Israel's Supreme Court Overturns Rape Conviction in Swingers Case

Justice Isaac Amit says testimony of witnesses had seemingly been rejected on moral grounds.

Revital Hovel
Revital Hovel
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Justice Isaac Amit
Justice Isaac AmitCredit: Tess Scheflan
Revital Hovel
Revital Hovel

The Supreme Court recently overturned the conviction of a man accused of committing rape at a swingers party organized by a police officer. Be’er Sheva District Court had previously found the man guilty on two counts of rape and sentenced him to three-and-a-half years in prison. Under court rules, the man cannot be named publicly.

Two weeks ago, the Supreme Court ruled in an appeal that the lower court’s conclusions were erroneous. The justices, however, did not challenge the complainant’s reliability and decided to acquit the defendant due to reasonable doubt.

The complainant, 27, said she had been raped twice at a swingers party (where couples swap partners). The party was arranged by a married police officer from Sderot, with whom the complainant had been having an affair.

On the night of October 12, 2008, the officer, Sa’adia Shukrun, planned a partner-swapping get-together. Shukrun brought the complainant to the apartment of a subordinate of his. There they met the subordinate and another woman, called Tania, 23, who was six-months pregnant.

Some of them drank alcoholic drinks and watched a pornographic movie. Later, the four went into the bedroom together. At some point the subordinate and complainant left the room hand-in-hand, naked, and went into the adjacent room.

The complainant said the subordinate raped her in the adjacent room twice. The defendant said they’d had consensual sex, until the woman changed her mind and objected.

The district court convicted the defendant of rape and said he had “taken advantage of the woman’s lack of consciousness or some other state that prevented her from giving her agreement freely.”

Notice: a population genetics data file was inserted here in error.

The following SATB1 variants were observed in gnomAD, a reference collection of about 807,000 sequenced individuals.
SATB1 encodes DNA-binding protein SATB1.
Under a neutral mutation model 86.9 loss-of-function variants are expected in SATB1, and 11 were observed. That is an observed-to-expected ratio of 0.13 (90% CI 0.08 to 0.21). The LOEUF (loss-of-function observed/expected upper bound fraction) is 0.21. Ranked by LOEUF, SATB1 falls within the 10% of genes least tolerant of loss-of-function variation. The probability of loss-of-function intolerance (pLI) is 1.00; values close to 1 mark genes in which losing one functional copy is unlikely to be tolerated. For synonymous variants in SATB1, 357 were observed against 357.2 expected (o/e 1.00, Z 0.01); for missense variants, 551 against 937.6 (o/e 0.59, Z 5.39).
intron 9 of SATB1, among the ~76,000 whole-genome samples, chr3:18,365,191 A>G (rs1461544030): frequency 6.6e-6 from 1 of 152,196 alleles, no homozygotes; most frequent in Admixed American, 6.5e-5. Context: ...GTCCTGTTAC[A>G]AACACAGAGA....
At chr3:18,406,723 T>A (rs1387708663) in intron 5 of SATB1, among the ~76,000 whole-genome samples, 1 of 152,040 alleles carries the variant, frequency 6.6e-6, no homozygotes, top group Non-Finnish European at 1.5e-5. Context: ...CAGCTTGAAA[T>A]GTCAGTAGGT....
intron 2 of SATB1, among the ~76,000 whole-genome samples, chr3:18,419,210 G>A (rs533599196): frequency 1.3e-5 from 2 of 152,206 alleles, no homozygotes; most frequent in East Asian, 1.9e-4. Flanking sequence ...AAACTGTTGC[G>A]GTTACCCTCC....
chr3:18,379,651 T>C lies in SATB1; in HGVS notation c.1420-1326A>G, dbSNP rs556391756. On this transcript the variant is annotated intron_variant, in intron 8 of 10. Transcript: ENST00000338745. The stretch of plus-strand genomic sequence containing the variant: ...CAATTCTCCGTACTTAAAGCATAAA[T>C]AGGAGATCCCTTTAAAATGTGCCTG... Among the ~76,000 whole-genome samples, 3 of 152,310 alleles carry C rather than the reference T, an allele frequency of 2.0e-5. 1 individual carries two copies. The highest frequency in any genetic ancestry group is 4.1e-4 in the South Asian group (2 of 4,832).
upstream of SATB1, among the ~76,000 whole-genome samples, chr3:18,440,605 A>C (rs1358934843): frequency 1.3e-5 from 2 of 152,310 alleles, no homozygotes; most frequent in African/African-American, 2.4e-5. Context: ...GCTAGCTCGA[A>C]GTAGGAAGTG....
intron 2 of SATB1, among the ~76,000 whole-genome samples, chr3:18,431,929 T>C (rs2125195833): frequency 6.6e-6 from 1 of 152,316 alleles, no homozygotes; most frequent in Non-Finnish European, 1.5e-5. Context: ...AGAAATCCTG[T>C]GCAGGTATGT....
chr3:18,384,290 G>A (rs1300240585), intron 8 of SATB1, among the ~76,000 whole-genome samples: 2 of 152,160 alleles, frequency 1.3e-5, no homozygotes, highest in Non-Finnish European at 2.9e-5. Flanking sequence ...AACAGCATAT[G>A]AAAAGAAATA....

The district court accepted the complainant’s story, although it contradicted the versions given by the defendant, Shukrun and Tania, saying the three had probably “coordinated their story.”

Supreme Court Justice Isaac Amit said the version presented by Shukrun, Tania and the defendant was not typical of false witnesses who had coordinated their testimonies, and it was unclear why their reliability was questioned.

He said he had received the impression that their testimony was rejected on moral grounds. Be’er Sheva District Court had argued that the three should not be believed because Shukrun had used the defendant’s apartment for sexual liaisons while he was married. The lower court also said Tania was pregnant and a single mother at the time.

The district court rejected the defendant’s reliability, citing Shukrun’s testimony that the defendant had told him he used to lie to his partners about using contraceptives.

Amit criticized the district court’s statement that partner-swapping was at the heart of the disagreement. The district court had ruled that the complainant had not known about the partner-swapping plan and was drunk (i.e., not in a position to give her consent freely).

But Amit said it wasn’t possible to ascertain that she was drunk, certainly not to an extent that prevented her from consenting freely, because as soon as she left the apartment, the complainant sent text messages. Also, the gynecologist who examined the complainant the morning after the incident wrote on her examination form, “She said she was under the influence of alcohol, but not drunk.”

The complainant said in her testimony: “I knew what was going on around me, I could stand on my two feet and walk, and could say no when I meant no.”

The police officer who accompanied her to the hospital testified she was not drunk.

Despite this, the district court ruled she had been drunk, on the basis of another statement.

Justice Amit said the district court judges had taken things out of context, as the statement had been made on another day on which the complainant had tried to commit suicide.

Amit said he would not argue with the positive impression the complainant had made and her reliable testimony, but attributed importance to her mental state, which raised doubts.

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